Remembering 9/11 at THE PLAYERS Community Senior Center


As memorial services and remembrance events to mark the 15th anniversary of 9/11 occurred across the country, a luncheon was held Sept. 7 at THE PLAYERS Community Senior Center to pay tribute to that fateful day, and to honor the promise many Americans made to “never forget.”

Organized by Al Bagocius, director of care at Extension Home Care and former U.S. Marine, the event titled “A Day of Remembrance – 15th Anniversary of 9/11” featured four speakers from the community: Chaplain William Hesse, who provided the opening and closing prayers; Joe Snowberger, commodore and CEO of the USS Adams Museum; St. Augustine Beach Police Department Chief of Police Robert Hardwick; and Vitas representative Michael DiBella, each of whom gave a different take on 9/11 then and now.

The luncheon also featured special guest of honor Jerry Guadagno, an 88-year-old Jacksonville resident who lost his son, Richard Jerry Guadagno on United Airlines Flight 93.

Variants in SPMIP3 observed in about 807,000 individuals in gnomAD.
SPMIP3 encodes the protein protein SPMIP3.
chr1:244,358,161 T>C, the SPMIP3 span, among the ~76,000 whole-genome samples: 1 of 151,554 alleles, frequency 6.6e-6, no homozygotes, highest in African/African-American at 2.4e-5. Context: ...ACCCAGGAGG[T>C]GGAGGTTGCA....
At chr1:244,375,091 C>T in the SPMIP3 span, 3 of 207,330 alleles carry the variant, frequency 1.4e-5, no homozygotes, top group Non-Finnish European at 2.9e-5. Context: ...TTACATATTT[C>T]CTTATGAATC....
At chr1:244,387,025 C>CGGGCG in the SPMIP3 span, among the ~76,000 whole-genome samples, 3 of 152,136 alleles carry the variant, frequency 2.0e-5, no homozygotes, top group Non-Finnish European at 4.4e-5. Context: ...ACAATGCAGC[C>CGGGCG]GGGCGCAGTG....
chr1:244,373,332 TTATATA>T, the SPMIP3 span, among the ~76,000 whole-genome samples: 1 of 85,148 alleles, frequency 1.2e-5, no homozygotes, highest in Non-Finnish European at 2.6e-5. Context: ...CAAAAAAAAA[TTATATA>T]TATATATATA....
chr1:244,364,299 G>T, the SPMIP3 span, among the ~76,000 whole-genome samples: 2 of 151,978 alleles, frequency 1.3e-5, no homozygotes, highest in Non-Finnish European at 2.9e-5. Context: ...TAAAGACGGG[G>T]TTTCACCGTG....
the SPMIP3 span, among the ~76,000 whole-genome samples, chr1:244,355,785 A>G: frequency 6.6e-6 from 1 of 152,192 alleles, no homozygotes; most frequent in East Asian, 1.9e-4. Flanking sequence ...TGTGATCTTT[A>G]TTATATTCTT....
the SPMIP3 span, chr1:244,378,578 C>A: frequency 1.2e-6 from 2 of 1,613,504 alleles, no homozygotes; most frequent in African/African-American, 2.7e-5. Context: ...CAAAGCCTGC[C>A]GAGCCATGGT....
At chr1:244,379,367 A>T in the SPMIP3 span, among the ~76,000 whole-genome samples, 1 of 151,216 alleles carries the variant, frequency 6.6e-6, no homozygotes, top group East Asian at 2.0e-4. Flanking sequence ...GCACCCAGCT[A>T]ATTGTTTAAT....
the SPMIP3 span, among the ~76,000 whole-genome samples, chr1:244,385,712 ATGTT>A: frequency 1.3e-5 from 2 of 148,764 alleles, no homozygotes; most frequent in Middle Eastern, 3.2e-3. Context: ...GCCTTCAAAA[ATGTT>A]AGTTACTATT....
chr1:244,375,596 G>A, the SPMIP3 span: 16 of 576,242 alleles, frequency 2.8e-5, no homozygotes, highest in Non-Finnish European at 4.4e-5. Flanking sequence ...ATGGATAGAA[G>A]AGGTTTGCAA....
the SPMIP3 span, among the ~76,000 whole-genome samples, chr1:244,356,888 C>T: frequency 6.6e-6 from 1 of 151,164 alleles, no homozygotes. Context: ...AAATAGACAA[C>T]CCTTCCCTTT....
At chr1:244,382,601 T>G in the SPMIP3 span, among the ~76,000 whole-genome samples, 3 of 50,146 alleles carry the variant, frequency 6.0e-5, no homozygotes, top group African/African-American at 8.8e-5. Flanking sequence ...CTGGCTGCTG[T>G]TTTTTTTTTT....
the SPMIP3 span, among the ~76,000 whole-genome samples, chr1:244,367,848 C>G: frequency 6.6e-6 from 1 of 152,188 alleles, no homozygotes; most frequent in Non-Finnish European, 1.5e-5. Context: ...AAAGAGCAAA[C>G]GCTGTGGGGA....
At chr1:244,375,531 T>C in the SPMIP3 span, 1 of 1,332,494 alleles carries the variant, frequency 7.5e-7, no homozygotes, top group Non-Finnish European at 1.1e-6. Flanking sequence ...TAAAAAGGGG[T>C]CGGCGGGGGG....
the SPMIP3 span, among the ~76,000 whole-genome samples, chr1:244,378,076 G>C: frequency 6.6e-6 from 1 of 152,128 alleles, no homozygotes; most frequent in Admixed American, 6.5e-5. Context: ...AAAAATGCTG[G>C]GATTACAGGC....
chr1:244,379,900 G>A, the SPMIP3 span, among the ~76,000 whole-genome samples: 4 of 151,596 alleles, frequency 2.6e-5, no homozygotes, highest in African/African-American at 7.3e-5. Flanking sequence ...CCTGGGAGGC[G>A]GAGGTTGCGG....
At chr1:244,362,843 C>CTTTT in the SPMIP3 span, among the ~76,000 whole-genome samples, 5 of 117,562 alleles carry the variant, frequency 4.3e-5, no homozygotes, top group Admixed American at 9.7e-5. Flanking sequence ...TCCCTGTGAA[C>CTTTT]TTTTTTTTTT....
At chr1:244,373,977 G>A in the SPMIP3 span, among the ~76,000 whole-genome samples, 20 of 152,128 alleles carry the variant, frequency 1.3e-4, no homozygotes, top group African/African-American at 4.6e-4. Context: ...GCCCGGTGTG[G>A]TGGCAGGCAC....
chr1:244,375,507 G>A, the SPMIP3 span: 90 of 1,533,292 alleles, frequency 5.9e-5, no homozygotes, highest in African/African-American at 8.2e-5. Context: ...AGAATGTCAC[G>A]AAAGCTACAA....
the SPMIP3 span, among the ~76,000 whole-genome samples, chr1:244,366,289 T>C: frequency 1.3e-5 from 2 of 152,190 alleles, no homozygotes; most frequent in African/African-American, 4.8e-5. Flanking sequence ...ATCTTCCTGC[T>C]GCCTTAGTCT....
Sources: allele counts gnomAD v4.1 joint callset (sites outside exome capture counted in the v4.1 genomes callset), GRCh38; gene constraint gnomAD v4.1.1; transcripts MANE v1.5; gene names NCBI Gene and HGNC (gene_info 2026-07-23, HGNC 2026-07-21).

Remembering the fallen

A 38-year-old Fish and Wildlife officer, Richard Guadagno was in New Jersey to celebrate his grandmother’s 100th birthday Sept. 10. The following day, his father drove him to the airport, and they said goodbye – neither of them knowing that it would be the last time they would see each other.

“We lost a good one,” Guadagno said of his son. “He was a wonderful young man; he was our Renaissance Man. He was into everything.”

Among his talents were handmade furniture and guitars, and photography. He also loved the outdoors and was the type of person who “could make things grow out of stone,” his father said.